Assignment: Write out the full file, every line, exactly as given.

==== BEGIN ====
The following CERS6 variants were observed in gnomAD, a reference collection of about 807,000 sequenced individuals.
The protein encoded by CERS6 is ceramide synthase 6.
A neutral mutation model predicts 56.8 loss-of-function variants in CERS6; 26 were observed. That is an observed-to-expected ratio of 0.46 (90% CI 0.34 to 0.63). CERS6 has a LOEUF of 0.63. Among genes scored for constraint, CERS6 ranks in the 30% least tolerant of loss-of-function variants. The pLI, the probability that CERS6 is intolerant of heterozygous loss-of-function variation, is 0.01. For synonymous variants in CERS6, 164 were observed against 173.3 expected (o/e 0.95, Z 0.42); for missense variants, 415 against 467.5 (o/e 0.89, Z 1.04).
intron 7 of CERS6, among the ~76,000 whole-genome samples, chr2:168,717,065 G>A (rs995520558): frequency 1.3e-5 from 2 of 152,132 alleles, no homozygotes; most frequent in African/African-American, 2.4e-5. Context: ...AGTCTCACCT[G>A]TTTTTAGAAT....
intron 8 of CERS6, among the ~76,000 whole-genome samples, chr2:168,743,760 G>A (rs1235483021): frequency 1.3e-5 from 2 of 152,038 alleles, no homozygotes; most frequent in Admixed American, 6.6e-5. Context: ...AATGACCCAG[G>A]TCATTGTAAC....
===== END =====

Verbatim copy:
The following CERS6 variants were observed in gnomAD, a reference collection of about 807,000 sequenced individuals.
The protein encoded by CERS6 is ceramide synthase 6.
A neutral mutation model predicts 56.8 loss-of-function variants in CERS6; 26 were observed. That is an observed-to-expected ratio of 0.46 (90% CI 0.34 to 0.63). CERS6 has a LOEUF of 0.63. Among genes scored for constraint, CERS6 ranks in the 30% least tolerant of loss-of-function variants. The pLI, the probability that CERS6 is intolerant of heterozygous loss-of-function variation, is 0.01. For synonymous variants in CERS6, 164 were observed against 173.3 expected (o/e 0.95, Z 0.42); for missense variants, 415 against 467.5 (o/e 0.89, Z 1.04).
intron 7 of CERS6, among the ~76,000 whole-genome samples, chr2:168,717,065 G>A (rs995520558): frequency 1.3e-5 from 2 of 152,132 alleles, no homozygotes; most frequent in African/African-American, 2.4e-5. Context: ...AGTCTCACCT[G>A]TTTTTAGAAT....
intron 8 of CERS6, among the ~76,000 whole-genome samples, chr2:168,743,760 G>A (rs1235483021): frequency 1.3e-5 from 2 of 152,038 alleles, no homozygotes; most frequent in Admixed American, 6.6e-5. Context: ...AATGACCCAG[G>A]TCATTGTAAC....